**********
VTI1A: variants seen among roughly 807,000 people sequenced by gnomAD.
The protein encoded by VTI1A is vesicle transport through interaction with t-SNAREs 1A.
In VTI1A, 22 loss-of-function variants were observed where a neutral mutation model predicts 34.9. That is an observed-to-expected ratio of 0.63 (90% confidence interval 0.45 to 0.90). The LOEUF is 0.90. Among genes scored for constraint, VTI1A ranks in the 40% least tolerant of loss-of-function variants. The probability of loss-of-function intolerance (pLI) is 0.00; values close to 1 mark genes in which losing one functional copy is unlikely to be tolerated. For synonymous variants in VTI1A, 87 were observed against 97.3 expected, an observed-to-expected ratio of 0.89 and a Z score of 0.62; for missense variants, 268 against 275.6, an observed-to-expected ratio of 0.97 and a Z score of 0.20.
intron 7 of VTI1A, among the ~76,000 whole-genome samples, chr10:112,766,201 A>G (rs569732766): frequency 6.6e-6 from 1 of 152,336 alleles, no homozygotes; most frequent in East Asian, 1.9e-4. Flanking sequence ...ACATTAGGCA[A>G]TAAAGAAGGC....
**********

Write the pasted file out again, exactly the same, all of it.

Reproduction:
VTI1A: variants seen among roughly 807,000 people sequenced by gnomAD.
The protein encoded by VTI1A is vesicle transport through interaction with t-SNAREs 1A.
In VTI1A, 22 loss-of-function variants were observed where a neutral mutation model predicts 34.9. That is an observed-to-expected ratio of 0.63 (90% confidence interval 0.45 to 0.90). The LOEUF is 0.90. Among genes scored for constraint, VTI1A ranks in the 40% least tolerant of loss-of-function variants. The probability of loss-of-function intolerance (pLI) is 0.00; values close to 1 mark genes in which losing one functional copy is unlikely to be tolerated. For synonymous variants in VTI1A, 87 were observed against 97.3 expected, an observed-to-expected ratio of 0.89 and a Z score of 0.62; for missense variants, 268 against 275.6, an observed-to-expected ratio of 0.97 and a Z score of 0.20.
intron 7 of VTI1A, among the ~76,000 whole-genome samples, chr10:112,766,201 A>G (rs569732766): frequency 6.6e-6 from 1 of 152,336 alleles, no homozygotes; most frequent in East Asian, 1.9e-4. Flanking sequence ...ACATTAGGCA[A>G]TAAAGAAGGC....